Rubber Queen Review – 1 month in
So a month ago I mounted a couple of Rubber Queens (2.4 Black Chilli, non-UST being run tubeless with goo on DT Swiss 5.1D rims) and now that I have had the tyres out on a few trails I though I would give you a quick run down on what I thought of them. Back on my blog here are some photos etc from when I first mounted them https://mountainbikingzane.wordpress.com/2009/12/16/a-right-pair-of-queens/
I have run a number of Continental Tyres on my bikes before as well as a range of Specialized, Shwalbe, Intense and Maxxis tyres. The first things you notice about the RQ’s is that they are big. Continental tyres have generally been a lot smaller than their stated volume, but these RQ’s are big for their stated 2.4 inch size. They are also a very tall tyre. The photos on the original blog post show that in comparison to a Maxxis Minion DHF 2.5, they are about the same width, but are a bit taller.
I have found running the tyres at about 22 to 25 psi to be optimal for traction, without worrying that I am going to pinch the tyre on the rim, or roll the tall tyre off the rim. At about 70kg I can get away with less pressure than a lot of people. The “Apex” technology that Continental have used in the sidewalls appears to add some stiffness to the sidewall. I have been riding the tyres on my 2005 Turner 5 Spot, which is set up as an all day, all mountain rig.
So the big question – What are they like to ride?
The large volume of the tyre combined with the ability to run at a reasonably low pressure means that they are very good at absorbing rocky and rooty trails. The tyre appears to deform around trail obstacles nicely which makes for a smooth ride, and for good traction. The sidewall of the tyre appears to be stiff enough that the tyre does not roll on the rim when pushed hard through corners, even with it being a tall tyre being run at low pressures. As I have not been riding on the purpose built DH tracks here in Christchurch in the last month I have not pushed these tyres to their limit on some of the fast, bermed g-force inducing turns. This sort of corner usually shows up if a tyre is going to squirm, and so will be interested to try this over the next couple of months.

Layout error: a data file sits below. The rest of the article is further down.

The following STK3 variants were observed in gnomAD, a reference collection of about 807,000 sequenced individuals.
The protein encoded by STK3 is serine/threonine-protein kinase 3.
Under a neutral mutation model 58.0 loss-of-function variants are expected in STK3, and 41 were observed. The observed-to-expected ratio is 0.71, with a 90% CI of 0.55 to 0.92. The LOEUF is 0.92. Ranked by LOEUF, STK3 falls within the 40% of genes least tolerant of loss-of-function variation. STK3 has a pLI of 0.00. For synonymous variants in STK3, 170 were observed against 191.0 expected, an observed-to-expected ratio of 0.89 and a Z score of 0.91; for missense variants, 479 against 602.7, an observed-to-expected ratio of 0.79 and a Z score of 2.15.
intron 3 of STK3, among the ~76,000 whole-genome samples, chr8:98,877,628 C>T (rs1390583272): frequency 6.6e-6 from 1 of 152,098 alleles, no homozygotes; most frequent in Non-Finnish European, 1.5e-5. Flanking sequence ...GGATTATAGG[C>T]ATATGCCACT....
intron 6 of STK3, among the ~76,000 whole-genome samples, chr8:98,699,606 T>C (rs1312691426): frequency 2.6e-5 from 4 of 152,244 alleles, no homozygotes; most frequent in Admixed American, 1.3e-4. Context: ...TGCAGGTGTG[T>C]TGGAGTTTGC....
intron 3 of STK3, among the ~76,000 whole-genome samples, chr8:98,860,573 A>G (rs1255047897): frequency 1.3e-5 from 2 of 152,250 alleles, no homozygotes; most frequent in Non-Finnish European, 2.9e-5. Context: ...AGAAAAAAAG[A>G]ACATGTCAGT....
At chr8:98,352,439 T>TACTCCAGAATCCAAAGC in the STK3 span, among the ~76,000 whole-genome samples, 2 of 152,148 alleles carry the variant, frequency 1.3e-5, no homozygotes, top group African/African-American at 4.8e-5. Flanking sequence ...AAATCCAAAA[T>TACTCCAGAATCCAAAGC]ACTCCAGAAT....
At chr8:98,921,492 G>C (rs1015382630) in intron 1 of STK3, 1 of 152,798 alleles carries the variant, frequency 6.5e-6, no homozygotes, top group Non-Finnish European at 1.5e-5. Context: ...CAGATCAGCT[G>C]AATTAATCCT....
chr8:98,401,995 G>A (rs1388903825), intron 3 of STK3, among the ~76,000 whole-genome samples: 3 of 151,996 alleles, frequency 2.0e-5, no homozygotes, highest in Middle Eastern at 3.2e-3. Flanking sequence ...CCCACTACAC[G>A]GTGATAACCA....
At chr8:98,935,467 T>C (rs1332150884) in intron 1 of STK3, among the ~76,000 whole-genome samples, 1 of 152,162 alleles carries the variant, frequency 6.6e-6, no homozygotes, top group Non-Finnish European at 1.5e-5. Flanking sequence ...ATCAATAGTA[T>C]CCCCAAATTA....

In the loamy beech forest trails that I really love riding these tyres seem to perform exceptionally well for a trail tyre. The tyre casing is large and round with a good coverage of reasonably spaced knobs that appear to hook up well in the soft soil conditions, but are also quite happy hanging onto rocks and hard packed corners. Cornering in looser conditions the RQ also felt very good, with a predictable drifting feel as you got to the end of the traction. Flowing down a swooping trail these tyres rail very nicely.
In the dry most tyres stick ok, so it is when there is some moisture on the track that I start to find out whether a tyre is really working well or not. When wet I found the RQ’s to be quite slippery on exposed beech roots. Mud and gloop however seemed to be no problem. Compared with the Maxxis Minion super tacky DHF 2.5 2 ply tyres that I sometimes ride, there is no where near as much grip on the slippery roots in the wet, but then the RQ’s weigh about half as much and roll a lot easier than the Maxxis DH tyre!
I have one trail in mind that I have yet to really test the tyres out on. The first couple of times I tried the trail out I was on some Specialized Eskars, and I did not have enough traction on the super steep trail to stay in control. A run down the same trail with Maxxis Minion Super Tacky DH tyres made the ride seem easier, and I was able to ride a number of challenging sections that had previously beaten me. A run down that track with the RQ’s will be an interesting test for them.
Some other observations
I do not know how well these tyres will wear as I have not ridden them far enough.
The rubber compound used does appear to be stickier than the normal Specialized/Maxxis/Intense/Shwalbe trail tyre compounds, but it is not up to the grippiness of a super tacky DH tyre.
The RQ is a reasonably heavy trail tyre, but the rolling resistance is acceptable for the amount of grip the tyre gives.
The tyre is so big that some bikes may have problems with clearance on the 2.4 RQ.
With RQ tyres costing almost twice the price of some of the other brands, you would want this to be a tyre that performs well. I think it is a great tyre for people who want to be able to ride to the top of the mountain, and then take the most interesting trail back down again. The tyre is not as fast rolling as an XC tyre, but it has oodles of grip for climbing and descending. The traction stays with you whether you are braking in straight lines or cornering, and the large tyre volume gives a very smooth ride.